encrypting to expired certificates

Nicholas Cole nicholas.cole at gmail.com
Mon Sep 15 10:48:47 CEST 2014

On Monday, 15 September 2014, Hauke Laging <mailinglisten at hauke-laging.de>

> Hello,
> after filing a bug report for my mail client because it does not allow
> me to encrypt to an expired certificate (neither does Enigmail) I was
> surprised to notice that I didn't manage to encrypt to an expired
> certificate with gpg in the console (2.0.22).
> Is this not possible (what about gpgme?) or am I just not aware of how
> to get that done?
> I would consider not being able to encrypt to an expired key a severe
> security flaw because it may force the sender to send the message
> unencrypted. It is OK to warn the user but it must be possible to
> override this warning. Expiration is not a security problem (let alone a
> severe one).
> It does not even work with --encrypt-to. And the man page says about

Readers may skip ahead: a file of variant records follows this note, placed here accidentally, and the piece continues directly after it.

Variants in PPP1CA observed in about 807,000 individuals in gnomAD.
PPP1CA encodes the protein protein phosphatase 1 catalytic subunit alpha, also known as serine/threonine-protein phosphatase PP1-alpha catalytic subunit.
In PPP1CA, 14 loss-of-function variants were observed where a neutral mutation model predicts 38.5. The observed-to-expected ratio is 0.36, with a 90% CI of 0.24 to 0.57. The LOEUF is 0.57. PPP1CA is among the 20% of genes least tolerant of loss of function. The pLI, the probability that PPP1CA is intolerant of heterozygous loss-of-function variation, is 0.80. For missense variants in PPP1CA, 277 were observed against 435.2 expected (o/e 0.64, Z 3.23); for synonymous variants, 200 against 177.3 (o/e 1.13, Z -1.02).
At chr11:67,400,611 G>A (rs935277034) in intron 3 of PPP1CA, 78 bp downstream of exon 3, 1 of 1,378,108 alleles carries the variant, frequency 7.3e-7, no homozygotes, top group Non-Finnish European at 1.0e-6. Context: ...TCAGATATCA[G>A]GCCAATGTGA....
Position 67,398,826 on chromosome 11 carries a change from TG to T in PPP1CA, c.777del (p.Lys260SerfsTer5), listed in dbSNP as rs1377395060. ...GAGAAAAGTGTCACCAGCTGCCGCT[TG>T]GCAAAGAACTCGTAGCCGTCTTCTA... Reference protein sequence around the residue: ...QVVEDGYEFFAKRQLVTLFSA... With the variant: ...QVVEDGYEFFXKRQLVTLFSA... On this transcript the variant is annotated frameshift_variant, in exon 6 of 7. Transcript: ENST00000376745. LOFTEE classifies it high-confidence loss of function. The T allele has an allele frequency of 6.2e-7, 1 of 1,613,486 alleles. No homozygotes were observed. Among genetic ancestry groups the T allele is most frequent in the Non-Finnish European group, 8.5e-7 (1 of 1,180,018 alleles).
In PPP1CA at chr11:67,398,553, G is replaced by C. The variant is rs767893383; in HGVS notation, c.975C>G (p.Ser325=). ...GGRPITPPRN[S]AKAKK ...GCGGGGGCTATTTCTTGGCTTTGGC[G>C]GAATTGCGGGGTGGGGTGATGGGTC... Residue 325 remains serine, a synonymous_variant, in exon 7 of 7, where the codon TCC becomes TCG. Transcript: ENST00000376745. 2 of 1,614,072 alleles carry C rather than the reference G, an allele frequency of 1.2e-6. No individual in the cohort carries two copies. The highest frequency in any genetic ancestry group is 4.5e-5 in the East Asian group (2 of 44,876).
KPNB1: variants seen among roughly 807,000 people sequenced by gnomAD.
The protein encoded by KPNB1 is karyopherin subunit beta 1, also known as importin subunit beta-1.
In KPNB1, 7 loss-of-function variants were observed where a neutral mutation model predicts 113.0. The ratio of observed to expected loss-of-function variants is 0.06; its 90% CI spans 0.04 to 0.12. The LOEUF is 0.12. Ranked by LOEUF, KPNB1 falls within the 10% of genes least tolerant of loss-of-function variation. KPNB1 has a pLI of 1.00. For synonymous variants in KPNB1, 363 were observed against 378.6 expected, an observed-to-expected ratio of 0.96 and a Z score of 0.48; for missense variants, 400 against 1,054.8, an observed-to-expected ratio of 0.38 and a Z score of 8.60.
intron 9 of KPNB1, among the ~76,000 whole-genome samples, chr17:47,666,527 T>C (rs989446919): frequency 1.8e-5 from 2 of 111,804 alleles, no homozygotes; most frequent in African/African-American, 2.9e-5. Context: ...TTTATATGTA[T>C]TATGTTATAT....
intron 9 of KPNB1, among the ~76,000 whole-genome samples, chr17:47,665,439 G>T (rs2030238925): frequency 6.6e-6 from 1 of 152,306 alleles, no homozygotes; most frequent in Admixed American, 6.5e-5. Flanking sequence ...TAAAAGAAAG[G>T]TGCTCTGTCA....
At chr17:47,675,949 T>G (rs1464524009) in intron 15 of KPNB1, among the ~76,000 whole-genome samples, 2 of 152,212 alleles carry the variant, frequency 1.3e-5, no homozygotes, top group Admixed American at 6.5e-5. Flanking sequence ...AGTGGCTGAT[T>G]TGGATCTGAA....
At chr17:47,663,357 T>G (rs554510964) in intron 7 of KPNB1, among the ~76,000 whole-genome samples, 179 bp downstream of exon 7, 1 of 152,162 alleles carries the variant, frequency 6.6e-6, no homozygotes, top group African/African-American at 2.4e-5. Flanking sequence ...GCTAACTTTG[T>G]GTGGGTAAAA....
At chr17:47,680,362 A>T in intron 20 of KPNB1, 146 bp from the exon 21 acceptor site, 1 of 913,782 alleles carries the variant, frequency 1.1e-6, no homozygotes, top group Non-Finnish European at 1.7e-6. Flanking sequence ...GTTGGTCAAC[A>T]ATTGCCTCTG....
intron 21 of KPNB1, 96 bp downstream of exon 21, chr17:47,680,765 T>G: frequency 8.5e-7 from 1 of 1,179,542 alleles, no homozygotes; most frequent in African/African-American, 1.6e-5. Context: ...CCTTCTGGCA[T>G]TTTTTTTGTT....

> this command:
> "No trust checking is performed for these user ids and even disabled
> keys can be used."
> Non-valid keys are OK, disabled keys are OK but the least severe case
> expiration is not OK?
> Hauke

Opportunistic encryption with a fall-back mode to plain text, which seems
to be your model, is dangerous.  Yes, it is always dangerous to have a
protocol that sends in plain text if encryption is impossible.

However, I don't think the fault is with GPG.  If a key has an expiry date,
GPG can be very very certain that that key should not be used after a
particular date.  In fact, I don't think that user interfaces should ever
have encouraged people to encrypt to 'not valid' keys at all, but if they
key itself says that it should not be used, then it really should not be

You can't make assumptions for the reason a key has an expiry date.  It
could be that after that date it would be insecure to send encrypted data
to that key.  I think that implementations should respect the expiry dates
on keys.
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